OPINION – When the shoe is on the other foot, it hurts. A lot.
Just ask former Utah Attorney General Mark Shurtleff who is crying the blues these days because the cops raided his house and scared the heck out of his kids.
This is the same Mark Shurtleff who, through gritted teeth, espoused his “tough on crime” philosophy, showing no mercy, no compassion, no sense of a capacity for human frailty.
This is the same Mark Shurtleff who unleashed SWAT teams to bash down doors to the homes of undocumented residents who were suspected of the “violent” crimes of bootlegging CDs and DVDs, so much so that the Recording Industry Association of America presented him with a gold record award for his efforts as a warrior in the War on Music Piracy, which certainly requires SWAT teams to enforce. Those SWAT teams, however, were nowhere to be found whenever incidents of corruption and sexual or domestic abuse were alleged in the polygamous communities that dot the state. Instead, Shurtleff vowed publicly not to prosecute polygamy offenses despite laws that outlawed the practice.
This is the same Mark Shurteff who positioned himself as a warrior in the War on Drugs until he was diagnosed with cancer, underwent debilitating treatments and hinted that he was “tempted” to partake of marijuana for medicinal purposes to ease his suffering, despite the fact that he offered no compassion for others suffering a similar circumstance.
Where I come from, we call this hypocrisy.
However, when you are part of the powers that be here, you can pretty well do what you wish, as long as you hold the trump card of power, which Shurtleff clutched with a death grip for far too long.
But, his power has run out and he is now being investigated for allegations that he was not so forthright during his term as the state’s top cop. Going down in the same blaze of infamy is his successor John Swallow, who is also suffering the slings of alleged criminality that he so gladly imposed on others during his short term as Utah Attorney General.
I would like to express sorrow for these two guys, except that it would be hypocritical in my behalf. Instead, all I can say is “Welcome to the world, guys; a world you helped shape. How does it feel to be on the other side of a search warrant?”
Shurtleff was Utah Attorney General for a dozen years. Under his aegis, there were enough commando, door-busting raids on such “violent” criminals as purveyors of pirated CDs and DVDs and kids gathered on a private ranch for a rave concert that was manned by private security, EMTs, and the requisite of others needed to comply with state law.
He was a “law-and-order” type who saw nothing wrong with heavy-handed action against those suspected of breaking the law.
But, times have changed and the cops raided his house recently, looking for information regarding allegations that he and his successor Swallow, had broken campaign finance laws.
Now, instead of being good cops, the raiders were described by Shurtleff as using Dirty Harry tactics when they burst into his house, which was occupied by his son and daughter at the time.
“It was way overboard, a horrific abuse, an extremely improper abuse of force, given the nature of the alleged charge, the fact there were minors in the home — there was no reason for it,” Shurtleff later told The Salt Lake Tribune …
The former Attorney General said his teenage daughter, who was in the bathroom when officers in body armor pounded on the door and ordered her out, a laser sight pointed at her chest, was “traumatized” by the raid.
“To go in and point a gun at 5-foot-3, 117-pound minor who was coming out of the bathroom, for crying out loud, is absolutely wrong,” Shurtleff said. “How do you get that out of the mind of a 17-year-old who is innocent of everything? I don’t care what you think of me or what you’re looking at me about.”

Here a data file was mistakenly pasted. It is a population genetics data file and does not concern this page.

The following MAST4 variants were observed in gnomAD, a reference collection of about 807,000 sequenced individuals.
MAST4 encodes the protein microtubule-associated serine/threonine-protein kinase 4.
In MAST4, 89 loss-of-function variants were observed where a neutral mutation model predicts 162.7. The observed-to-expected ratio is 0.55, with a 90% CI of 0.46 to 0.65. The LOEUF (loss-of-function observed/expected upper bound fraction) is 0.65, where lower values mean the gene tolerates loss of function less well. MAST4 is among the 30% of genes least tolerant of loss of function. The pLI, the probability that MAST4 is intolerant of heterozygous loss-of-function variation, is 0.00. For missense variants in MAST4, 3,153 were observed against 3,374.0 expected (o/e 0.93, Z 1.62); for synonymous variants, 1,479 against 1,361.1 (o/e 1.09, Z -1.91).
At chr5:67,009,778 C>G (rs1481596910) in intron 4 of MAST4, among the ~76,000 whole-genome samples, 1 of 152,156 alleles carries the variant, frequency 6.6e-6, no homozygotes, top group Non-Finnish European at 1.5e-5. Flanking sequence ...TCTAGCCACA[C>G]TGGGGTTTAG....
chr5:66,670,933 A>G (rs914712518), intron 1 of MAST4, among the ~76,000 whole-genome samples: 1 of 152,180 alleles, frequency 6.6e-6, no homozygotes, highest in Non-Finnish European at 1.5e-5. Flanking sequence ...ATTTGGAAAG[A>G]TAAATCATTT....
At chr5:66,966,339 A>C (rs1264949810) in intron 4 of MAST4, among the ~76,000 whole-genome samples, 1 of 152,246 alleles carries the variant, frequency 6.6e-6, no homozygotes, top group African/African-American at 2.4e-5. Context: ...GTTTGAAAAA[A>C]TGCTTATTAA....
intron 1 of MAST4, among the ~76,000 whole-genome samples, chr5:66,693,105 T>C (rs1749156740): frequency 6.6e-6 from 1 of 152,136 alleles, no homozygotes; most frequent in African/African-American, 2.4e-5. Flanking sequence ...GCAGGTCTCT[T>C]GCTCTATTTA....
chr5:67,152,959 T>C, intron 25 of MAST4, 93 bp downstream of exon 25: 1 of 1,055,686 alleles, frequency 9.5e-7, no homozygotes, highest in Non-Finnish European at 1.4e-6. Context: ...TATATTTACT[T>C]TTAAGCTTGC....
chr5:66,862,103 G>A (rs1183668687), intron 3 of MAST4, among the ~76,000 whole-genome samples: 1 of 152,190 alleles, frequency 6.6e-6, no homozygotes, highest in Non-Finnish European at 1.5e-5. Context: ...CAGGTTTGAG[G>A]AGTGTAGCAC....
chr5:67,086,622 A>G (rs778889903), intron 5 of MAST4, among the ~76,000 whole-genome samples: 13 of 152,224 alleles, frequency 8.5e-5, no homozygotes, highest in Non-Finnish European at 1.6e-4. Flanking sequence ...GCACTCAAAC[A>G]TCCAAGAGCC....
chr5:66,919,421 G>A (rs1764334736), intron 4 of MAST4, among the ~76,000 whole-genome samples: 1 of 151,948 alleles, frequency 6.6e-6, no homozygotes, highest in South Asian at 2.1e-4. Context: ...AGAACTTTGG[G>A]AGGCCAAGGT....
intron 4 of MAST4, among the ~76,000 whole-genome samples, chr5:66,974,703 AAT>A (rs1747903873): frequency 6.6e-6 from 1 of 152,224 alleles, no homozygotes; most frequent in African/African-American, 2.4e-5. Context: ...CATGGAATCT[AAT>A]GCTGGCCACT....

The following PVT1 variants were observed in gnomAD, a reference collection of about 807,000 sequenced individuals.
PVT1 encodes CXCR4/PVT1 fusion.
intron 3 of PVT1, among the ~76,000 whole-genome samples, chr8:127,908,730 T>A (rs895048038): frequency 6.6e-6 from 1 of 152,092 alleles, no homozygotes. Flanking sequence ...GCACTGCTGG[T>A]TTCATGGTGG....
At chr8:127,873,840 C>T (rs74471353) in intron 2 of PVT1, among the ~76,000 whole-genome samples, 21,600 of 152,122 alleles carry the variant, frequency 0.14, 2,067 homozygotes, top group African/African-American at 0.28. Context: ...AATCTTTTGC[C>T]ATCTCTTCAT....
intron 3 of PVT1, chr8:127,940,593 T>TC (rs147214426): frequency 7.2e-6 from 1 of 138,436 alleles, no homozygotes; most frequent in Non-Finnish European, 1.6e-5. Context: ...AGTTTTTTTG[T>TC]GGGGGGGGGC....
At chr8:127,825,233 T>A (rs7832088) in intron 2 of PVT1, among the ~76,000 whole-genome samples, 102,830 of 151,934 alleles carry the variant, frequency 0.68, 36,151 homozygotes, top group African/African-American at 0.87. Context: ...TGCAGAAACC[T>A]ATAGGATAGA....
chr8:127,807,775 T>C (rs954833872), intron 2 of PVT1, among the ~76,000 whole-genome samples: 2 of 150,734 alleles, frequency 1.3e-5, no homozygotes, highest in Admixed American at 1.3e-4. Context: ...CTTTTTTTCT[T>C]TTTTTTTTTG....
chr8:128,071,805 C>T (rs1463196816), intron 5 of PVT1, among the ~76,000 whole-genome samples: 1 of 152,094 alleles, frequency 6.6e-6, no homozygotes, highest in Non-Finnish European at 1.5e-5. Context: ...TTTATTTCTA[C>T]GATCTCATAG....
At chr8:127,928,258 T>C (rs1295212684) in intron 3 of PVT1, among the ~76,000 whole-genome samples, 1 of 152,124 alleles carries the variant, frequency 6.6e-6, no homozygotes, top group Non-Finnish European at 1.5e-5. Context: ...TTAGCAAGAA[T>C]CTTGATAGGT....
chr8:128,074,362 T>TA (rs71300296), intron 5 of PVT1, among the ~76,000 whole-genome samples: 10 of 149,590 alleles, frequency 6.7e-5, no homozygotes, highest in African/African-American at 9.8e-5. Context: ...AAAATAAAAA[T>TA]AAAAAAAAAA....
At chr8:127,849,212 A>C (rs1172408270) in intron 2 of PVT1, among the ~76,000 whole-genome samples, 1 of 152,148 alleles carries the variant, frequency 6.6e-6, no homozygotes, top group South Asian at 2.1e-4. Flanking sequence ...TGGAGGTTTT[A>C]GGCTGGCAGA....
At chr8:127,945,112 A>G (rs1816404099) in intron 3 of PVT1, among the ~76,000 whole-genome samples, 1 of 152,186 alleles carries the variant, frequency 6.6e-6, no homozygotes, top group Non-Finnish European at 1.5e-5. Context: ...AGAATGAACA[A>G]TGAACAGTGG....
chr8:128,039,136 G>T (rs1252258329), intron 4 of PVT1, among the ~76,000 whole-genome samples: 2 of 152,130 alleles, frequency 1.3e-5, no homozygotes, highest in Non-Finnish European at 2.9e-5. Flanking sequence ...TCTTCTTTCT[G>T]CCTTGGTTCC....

Perhaps it was an excessive use of force, but not one that was unprecedented.
Perhaps it was Karma, turning around to bite the hand that fed it.
But, for Shurtleff to cry the blues after cops used tactics he endorsed, embraced, and empowered law enforcement to use is hypocritical.
Shurtleff and Swallow, to be sure, are not the only hypocrites to hold public position and, certainly, not the last.
But, it is pathetic to hear them squeal like caged pigs when they are snared in a trap of their own making, to cry foul when somebody does unto them what they have done unto others with total lack of compassion or humanity, and his statements since the raid have done nothing to support the notion that he was truly enlightened, only that he believed he, because of his station in life, was above such rough tactics.
Look, I can certainly understand the argument that will be put forward that law enforcement is entitled to participate in armed break-ins in certain circumstances. Was this one of those instances? I don’t know. I’m not sure what or who the cops expected to encounter on the other side of the door; how many weapons might have been in the house that could have possibly returned fire; what evidence may or may not have been destroyed had they knocked politely before executing the warrant.
I also can understand the argument that there are many instances when cops cross the line from enforcement within the dictates of law to brutality. I’ve seen enough criminal cases thrown out in Southern Utah because of this and other Fourth Amendment violations by over-eager cops. Was this one of those instances? I don’t know.
I do know, however, that there is some sort of justice at play when the tables turn and the man who set up such rigid, unforgiving procedures and tactics is suddenly on the other side of a search warrant.
Welcome to the real world, citizen Shurtleff.
And, by the way, what is it they say about paybacks?
No bad days!
Ed Kociela is an opinion columnist. The opinions stated in this article are his and not representative of St. George News.
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